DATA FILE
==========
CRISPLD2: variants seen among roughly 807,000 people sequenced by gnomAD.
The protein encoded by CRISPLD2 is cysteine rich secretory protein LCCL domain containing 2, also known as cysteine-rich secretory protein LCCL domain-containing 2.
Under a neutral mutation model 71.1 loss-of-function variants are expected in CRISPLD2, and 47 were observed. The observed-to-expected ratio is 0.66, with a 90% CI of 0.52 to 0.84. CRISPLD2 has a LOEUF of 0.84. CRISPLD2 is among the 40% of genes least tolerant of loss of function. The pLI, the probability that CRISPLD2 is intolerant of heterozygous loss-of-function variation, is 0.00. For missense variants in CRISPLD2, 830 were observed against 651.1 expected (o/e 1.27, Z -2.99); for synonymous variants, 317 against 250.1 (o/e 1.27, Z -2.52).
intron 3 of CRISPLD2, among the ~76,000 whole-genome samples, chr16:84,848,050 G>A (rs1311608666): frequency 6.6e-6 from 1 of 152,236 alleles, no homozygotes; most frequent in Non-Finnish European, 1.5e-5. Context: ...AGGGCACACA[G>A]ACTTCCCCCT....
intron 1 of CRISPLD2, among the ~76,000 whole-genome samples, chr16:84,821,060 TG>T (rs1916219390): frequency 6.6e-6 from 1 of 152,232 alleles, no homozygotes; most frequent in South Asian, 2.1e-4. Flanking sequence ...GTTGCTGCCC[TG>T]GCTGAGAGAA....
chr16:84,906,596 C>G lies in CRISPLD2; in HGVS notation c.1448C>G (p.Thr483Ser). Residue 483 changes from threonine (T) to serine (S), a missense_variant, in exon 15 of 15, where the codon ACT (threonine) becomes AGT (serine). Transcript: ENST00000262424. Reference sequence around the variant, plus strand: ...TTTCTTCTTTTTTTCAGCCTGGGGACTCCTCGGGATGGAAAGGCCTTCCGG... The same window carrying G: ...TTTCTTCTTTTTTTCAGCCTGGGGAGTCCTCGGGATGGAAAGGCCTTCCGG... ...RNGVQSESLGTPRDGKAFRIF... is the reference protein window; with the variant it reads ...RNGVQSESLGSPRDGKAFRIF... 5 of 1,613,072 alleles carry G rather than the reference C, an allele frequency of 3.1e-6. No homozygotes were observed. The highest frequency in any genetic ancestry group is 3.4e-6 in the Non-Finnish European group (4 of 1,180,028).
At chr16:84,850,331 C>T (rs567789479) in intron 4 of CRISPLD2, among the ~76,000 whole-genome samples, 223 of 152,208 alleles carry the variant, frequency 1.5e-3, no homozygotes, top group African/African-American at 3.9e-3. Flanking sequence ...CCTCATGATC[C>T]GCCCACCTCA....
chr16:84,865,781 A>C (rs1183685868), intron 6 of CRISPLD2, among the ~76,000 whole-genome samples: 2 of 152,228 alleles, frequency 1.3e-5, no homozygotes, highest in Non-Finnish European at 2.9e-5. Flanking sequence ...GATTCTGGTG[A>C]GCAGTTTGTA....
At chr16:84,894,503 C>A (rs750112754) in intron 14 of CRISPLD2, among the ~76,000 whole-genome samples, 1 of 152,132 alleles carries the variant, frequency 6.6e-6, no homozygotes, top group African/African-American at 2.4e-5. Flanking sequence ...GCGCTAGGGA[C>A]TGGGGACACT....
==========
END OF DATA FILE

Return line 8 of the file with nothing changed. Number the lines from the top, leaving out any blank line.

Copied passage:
chr16:84,865,781 A>C (rs1183685868), intron 6 of CRISPLD2, among the ~76,000 whole-genome samples: 2 of 152,228 alleles, frequency 1.3e-5, no homozygotes, highest in Non-Finnish European at 2.9e-5. Flanking sequence ...GATTCTGGTG[A>C]GCAGTTTGTA....